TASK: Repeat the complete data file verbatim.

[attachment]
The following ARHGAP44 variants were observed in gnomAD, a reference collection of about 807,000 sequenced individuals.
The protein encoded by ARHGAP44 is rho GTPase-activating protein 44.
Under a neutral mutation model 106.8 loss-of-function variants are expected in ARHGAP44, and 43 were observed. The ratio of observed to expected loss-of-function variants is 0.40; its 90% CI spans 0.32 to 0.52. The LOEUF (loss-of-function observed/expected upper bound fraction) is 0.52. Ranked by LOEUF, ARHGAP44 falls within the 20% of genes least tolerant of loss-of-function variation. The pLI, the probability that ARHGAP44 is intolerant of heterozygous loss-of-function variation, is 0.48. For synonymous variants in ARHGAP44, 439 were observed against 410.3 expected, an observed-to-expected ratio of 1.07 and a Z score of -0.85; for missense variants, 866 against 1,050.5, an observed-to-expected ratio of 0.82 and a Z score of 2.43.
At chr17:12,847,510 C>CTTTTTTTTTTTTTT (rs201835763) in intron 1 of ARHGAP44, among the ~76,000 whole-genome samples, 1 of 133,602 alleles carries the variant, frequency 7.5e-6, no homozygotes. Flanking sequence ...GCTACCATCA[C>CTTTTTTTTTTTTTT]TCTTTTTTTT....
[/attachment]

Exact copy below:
The following ARHGAP44 variants were observed in gnomAD, a reference collection of about 807,000 sequenced individuals.
The protein encoded by ARHGAP44 is rho GTPase-activating protein 44.
Under a neutral mutation model 106.8 loss-of-function variants are expected in ARHGAP44, and 43 were observed. The ratio of observed to expected loss-of-function variants is 0.40; its 90% CI spans 0.32 to 0.52. The LOEUF (loss-of-function observed/expected upper bound fraction) is 0.52. Ranked by LOEUF, ARHGAP44 falls within the 20% of genes least tolerant of loss-of-function variation. The pLI, the probability that ARHGAP44 is intolerant of heterozygous loss-of-function variation, is 0.48. For synonymous variants in ARHGAP44, 439 were observed against 410.3 expected, an observed-to-expected ratio of 1.07 and a Z score of -0.85; for missense variants, 866 against 1,050.5, an observed-to-expected ratio of 0.82 and a Z score of 2.43.
At chr17:12,847,510 C>CTTTTTTTTTTTTTT (rs201835763) in intron 1 of ARHGAP44, among the ~76,000 whole-genome samples, 1 of 133,602 alleles carries the variant, frequency 7.5e-6, no homozygotes. Flanking sequence ...GCTACCATCA[C>CTTTTTTTTTTTTTT]TCTTTTTTTT....